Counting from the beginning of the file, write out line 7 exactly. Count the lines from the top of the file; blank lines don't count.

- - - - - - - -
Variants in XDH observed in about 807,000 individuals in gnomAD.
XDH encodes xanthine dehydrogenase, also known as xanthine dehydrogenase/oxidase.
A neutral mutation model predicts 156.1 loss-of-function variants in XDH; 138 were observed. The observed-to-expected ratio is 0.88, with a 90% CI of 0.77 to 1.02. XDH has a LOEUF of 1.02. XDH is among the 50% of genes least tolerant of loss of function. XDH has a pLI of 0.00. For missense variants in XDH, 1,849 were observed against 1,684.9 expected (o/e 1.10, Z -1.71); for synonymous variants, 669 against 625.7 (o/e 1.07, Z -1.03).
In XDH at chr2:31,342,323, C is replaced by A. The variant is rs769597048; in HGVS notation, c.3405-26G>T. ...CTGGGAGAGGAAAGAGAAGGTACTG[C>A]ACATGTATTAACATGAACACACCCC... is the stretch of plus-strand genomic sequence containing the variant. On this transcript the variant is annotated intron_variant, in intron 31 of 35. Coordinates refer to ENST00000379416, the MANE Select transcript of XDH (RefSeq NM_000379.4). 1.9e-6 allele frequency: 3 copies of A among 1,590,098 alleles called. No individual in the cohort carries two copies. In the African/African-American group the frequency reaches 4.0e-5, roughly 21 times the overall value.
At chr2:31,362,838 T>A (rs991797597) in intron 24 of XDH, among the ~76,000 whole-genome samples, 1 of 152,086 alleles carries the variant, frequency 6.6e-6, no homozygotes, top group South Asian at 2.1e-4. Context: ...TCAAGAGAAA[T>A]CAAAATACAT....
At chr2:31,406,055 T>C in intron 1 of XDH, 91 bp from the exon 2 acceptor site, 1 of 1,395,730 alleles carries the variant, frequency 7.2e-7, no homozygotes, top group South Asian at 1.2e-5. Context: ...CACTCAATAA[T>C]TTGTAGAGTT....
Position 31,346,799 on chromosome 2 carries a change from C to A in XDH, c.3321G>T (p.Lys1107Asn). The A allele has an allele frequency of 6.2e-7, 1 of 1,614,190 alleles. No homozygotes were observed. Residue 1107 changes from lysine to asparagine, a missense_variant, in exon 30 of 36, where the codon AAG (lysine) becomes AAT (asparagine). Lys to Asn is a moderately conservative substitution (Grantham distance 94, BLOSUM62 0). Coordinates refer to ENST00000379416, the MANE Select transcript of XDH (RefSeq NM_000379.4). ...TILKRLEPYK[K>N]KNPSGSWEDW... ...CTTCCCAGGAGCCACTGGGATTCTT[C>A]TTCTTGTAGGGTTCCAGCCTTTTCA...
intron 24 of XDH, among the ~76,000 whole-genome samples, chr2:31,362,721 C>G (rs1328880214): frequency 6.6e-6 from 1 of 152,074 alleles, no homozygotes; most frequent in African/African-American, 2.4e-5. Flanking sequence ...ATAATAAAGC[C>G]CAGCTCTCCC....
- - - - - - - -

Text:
Position 31,346,799 on chromosome 2 carries a change from C to A in XDH, c.3321G>T (p.Lys1107Asn). The A allele has an allele frequency of 6.2e-7, 1 of 1,614,190 alleles. No homozygotes were observed. Residue 1107 changes from lysine to asparagine, a missense_variant, in exon 30 of 36, where the codon AAG (lysine) becomes AAT (asparagine). Lys to Asn is a moderately conservative substitution (Grantham distance 94, BLOSUM62 0). Coordinates refer to ENST00000379416, the MANE Select transcript of XDH (RefSeq NM_000379.4). ...TILKRLEPYK[K>N]KNPSGSWEDW... ...CTTCCCAGGAGCCACTGGGATTCTT[C>A]TTCTTGTAGGGTTCCAGCCTTTTCA...